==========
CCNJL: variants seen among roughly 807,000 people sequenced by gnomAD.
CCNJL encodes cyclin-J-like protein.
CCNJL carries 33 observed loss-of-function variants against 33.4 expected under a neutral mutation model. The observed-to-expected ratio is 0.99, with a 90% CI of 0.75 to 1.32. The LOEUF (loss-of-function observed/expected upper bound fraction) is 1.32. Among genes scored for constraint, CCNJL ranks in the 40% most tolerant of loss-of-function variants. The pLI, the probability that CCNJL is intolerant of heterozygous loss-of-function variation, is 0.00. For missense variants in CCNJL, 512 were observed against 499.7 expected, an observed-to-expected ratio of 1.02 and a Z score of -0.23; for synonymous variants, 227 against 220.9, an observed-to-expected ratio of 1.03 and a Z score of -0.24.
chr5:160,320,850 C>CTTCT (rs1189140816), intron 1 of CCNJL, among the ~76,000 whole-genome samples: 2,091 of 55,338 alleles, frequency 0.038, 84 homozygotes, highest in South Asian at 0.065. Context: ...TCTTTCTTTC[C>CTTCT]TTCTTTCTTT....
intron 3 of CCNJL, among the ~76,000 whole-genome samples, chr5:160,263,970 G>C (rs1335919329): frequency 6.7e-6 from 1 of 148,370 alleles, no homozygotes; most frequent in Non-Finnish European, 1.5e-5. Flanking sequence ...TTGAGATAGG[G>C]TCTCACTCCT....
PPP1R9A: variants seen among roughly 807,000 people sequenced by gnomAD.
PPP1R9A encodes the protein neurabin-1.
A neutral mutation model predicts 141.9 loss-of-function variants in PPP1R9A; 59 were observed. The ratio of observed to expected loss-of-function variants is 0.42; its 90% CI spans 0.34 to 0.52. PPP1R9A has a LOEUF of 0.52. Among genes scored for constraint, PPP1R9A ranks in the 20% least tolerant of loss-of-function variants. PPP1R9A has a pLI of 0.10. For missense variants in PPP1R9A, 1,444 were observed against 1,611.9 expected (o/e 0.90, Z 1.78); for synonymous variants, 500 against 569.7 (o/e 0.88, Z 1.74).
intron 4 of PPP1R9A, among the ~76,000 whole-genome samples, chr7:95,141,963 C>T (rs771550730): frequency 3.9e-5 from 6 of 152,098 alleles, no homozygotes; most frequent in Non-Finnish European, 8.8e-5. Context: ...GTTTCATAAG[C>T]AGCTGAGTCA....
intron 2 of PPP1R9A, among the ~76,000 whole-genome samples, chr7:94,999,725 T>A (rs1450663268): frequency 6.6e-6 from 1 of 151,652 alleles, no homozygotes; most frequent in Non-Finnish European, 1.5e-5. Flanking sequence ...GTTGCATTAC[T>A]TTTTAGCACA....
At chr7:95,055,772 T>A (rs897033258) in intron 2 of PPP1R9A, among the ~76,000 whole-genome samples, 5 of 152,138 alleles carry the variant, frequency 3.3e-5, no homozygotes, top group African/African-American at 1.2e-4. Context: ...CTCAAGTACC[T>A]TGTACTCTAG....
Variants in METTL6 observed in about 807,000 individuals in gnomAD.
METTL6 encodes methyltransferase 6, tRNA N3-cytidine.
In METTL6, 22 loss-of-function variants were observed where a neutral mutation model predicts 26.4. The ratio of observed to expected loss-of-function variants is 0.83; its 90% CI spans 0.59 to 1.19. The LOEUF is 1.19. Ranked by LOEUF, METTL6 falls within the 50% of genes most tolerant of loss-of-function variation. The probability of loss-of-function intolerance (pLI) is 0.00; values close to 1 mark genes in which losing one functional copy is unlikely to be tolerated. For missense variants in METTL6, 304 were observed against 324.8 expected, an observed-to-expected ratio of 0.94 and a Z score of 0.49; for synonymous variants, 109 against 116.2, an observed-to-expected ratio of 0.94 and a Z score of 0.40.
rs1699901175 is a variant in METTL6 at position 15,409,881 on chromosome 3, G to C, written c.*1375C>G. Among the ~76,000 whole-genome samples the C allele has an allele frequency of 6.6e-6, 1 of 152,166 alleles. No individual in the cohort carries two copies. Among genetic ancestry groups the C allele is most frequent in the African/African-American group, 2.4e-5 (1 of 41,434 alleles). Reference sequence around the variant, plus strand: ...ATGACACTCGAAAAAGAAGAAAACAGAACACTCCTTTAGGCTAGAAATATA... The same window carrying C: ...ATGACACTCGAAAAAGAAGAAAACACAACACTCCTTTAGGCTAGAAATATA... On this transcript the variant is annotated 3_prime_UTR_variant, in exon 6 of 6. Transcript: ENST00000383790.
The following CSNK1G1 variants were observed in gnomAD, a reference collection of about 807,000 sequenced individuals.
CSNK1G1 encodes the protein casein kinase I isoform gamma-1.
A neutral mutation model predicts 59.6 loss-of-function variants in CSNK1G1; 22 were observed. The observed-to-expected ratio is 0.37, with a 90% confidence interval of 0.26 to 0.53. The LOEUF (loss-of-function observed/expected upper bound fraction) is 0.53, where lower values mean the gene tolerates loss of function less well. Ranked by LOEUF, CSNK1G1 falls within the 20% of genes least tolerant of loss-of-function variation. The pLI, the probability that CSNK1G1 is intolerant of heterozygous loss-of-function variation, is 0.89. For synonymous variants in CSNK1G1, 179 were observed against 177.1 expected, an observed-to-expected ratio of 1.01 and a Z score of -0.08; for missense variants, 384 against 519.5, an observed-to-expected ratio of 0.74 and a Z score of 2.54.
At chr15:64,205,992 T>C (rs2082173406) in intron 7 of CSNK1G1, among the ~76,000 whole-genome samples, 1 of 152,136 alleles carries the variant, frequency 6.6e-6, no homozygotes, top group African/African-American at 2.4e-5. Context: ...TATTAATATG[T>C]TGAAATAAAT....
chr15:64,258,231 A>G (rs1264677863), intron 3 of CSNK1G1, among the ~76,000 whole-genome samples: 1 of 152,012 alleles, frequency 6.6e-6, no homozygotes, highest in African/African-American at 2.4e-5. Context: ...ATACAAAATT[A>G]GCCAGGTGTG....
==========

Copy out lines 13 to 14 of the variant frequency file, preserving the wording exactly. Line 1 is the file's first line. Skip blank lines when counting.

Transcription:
METTL6 encodes methyltransferase 6, tRNA N3-cytidine.
In METTL6, 22 loss-of-function variants were observed where a neutral mutation model predicts 26.4. The ratio of observed to expected loss-of-function variants is 0.83; its 90% CI spans 0.59 to 1.19. The LOEUF is 1.19. Ranked by LOEUF, METTL6 falls within the 50% of genes most tolerant of loss-of-function variation. The probability of loss-of-function intolerance (pLI) is 0.00; values close to 1 mark genes in which losing one functional copy is unlikely to be tolerated. For missense variants in METTL6, 304 were observed against 324.8 expected, an observed-to-expected ratio of 0.94 and a Z score of 0.49; for synonymous variants, 109 against 116.2, an observed-to-expected ratio of 0.94 and a Z score of 0.40.